Tuesday, June 10, 2003


Sam Waksal gets 7-year sentence
ImClone founder ordered to pay
$4 million in fines, back taxes
ImClone Systems Inc. founder Samuel Waksal, left, and an aide enter federal court for sentencing on Tuesday in New York City.

ImClone Systems founder Sam Waksal was sentenced to seven years and three months in prison Tuesday for an insider-trading scandal that ensnared his family and threatens Martha Stewart and her home decorating empire.

IBM, Infineon Say MRAM Might Be Available in 2005
IBM and Infineon Technologies AG said Tuesday that they have reached a key milestone on the way to commercializing magnetic RAM as early as 2005.
At the VLSI Symposia taking plane in Japan this week, IBM and Infirnon said they will announce that the two companies have jointly fabricated a 128-Kbit Magnetic RAM (MRAM) core on a 0.18-micron process, the most aggressive use of lithography to date to fabricate an MRAM.
Both companies are eyeing MRAM as a possible replacement for DRAM, which requires a constant source of electricity to refresh the memory cells. Without it, the "volatile" memory cells lose their charge, and their contents. "Nonvolatile" memories such as flash memory retain their contents in the absence of electricity, but they only have a limited number of read and rewrite cycles.

IBM and Infineon to incorporated the technology to craft the smallest MRAM memory cell size of 1.4 square microns.

"Nonvolatile memory technologies like MRAM will play a major role in technology lifestyle solutions and we want to be the number one semiconductor company in this area by having a product demonstrator jointly developed with IBM available early 2004," said Wilhelm Beinvogl, chief technical officer of Infineon's Memory Product Division, in a statement. "Together with Altis Semiconductor, a joint venture of IBM and Infineon, we will pave the way for production readiness of MRAM as early as 2005."

Numbers add up to Devils' third Stanley Cup
As much as history was on their side, in the end, it was simply a matter of the numbers adding up for the New Jersey Devils.

There was their great record at home, their invincibility when scoring first in a game, and their uncanny ability to protect a lead going into the third period. New Jersey put them all together neatly against the Anaheim Mighty Ducks in Game 7, and the result was a 3-0 victory and a third Stanley Cup in nine years.

New Jersey came into the deciding game of the series on the heels of a disappointing effort in Anaheim, lacking any apparent sense of momentum but knowing, if nothing else, seventh games in Stanley Cup Finals over the years have tended to finish in favor of the home team.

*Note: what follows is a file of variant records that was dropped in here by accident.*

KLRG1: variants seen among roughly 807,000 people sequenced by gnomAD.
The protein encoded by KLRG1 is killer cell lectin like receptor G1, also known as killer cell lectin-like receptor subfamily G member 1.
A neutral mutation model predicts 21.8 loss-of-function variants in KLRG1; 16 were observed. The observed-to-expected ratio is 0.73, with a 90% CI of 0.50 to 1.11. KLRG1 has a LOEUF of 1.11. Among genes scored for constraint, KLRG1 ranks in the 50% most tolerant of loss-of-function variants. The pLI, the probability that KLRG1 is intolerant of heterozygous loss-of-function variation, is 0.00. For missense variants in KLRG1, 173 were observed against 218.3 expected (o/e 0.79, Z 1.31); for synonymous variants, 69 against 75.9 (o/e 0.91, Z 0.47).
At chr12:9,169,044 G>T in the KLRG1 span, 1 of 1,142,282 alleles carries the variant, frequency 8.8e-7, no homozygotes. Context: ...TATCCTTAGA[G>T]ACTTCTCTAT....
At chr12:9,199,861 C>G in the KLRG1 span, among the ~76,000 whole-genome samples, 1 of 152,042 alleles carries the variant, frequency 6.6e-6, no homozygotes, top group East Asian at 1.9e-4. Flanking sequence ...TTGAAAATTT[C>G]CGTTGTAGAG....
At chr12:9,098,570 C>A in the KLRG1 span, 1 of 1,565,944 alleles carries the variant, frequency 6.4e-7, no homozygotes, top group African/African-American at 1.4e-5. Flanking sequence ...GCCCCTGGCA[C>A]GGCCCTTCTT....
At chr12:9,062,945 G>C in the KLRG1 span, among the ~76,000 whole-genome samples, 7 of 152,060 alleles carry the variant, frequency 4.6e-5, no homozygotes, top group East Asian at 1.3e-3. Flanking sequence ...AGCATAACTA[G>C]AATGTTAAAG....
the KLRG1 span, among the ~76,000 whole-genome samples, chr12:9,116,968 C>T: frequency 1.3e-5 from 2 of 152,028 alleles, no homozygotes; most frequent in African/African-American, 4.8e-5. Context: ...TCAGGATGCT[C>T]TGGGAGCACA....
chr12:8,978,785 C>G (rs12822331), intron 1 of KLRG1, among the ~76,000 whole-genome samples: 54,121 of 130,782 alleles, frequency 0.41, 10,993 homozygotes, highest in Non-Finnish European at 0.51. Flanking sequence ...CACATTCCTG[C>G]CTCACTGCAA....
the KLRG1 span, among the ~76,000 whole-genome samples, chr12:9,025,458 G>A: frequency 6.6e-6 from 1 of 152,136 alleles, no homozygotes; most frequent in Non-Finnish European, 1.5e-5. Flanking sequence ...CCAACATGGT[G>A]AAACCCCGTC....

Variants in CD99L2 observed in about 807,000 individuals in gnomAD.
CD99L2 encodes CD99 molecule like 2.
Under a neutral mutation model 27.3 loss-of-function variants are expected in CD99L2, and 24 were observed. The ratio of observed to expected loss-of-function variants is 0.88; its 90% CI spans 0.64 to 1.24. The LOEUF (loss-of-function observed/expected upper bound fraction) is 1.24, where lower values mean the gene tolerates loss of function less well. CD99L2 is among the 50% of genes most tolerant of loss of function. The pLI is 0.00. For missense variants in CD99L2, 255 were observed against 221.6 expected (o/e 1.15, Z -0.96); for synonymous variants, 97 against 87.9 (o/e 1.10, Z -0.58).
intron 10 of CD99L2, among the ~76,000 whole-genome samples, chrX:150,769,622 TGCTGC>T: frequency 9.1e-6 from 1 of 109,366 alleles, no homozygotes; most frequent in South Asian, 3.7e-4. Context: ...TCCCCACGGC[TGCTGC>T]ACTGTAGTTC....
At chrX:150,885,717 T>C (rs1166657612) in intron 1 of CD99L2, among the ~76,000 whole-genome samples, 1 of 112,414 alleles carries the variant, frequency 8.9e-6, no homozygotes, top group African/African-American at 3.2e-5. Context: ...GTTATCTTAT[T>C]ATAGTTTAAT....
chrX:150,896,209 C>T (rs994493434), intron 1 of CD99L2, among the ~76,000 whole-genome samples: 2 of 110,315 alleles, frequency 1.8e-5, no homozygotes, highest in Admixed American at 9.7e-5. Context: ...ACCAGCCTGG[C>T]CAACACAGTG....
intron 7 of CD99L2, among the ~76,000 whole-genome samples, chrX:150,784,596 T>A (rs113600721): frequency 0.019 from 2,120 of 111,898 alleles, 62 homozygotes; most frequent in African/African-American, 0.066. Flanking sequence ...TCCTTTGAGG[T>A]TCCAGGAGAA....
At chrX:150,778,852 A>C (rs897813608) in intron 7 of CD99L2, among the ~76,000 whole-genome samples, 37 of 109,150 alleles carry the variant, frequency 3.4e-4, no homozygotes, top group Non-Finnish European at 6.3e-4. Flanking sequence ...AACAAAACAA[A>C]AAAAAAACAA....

Nine of the past 11, in fact, have been won by the home team, and the veteran Devils, who had lost only once in 12 home games during these playoffs, were pretty confident they could add to that total.

"We made it a point early in the season to be a tough team to play in our own building," said goaltender Martin Brodeur, who set a record with his seventh shutout of these playoffs. "We felt we beat ourselves out there, but we have a lot of experience and we knew we could play better in our own building.

"It's how you handle adversity in the playoffs that makes you succeed, and this team is great at that."

New Jersey certainly didn't show any adverse effects of failing to close out the series over the weekend.

The Devils came out swarming and took the play to the Mighty Ducks from the opening faceoff. Although they outshot the visitors by only a 7-5 margin, New Jersey controlled the ice and never let Anaheim get untracked.

"I thought we had a little stage fright early, but they had an excellent game," Mighty Ducks coach Mike Babcock said. "They played hard, used their people and they had big bodies."

But New Jersey still couldn't score through the first 20 minutes, mainly because, unlike its dominant home effort in Game 5, it couldn't get to the front of the net. That made things relatively easy for goalie Jean-Sebastien Giguere, who ended up with the Conn Smythe Trophy as the playoff MVP.

The Mighty Ducks goalie was tested a couple of times in the first 20 minutes by New Jersey's Sergei Brylin from the slot, but Giguere reacted well, stopping one shot with his shoulder and getting his toe on another.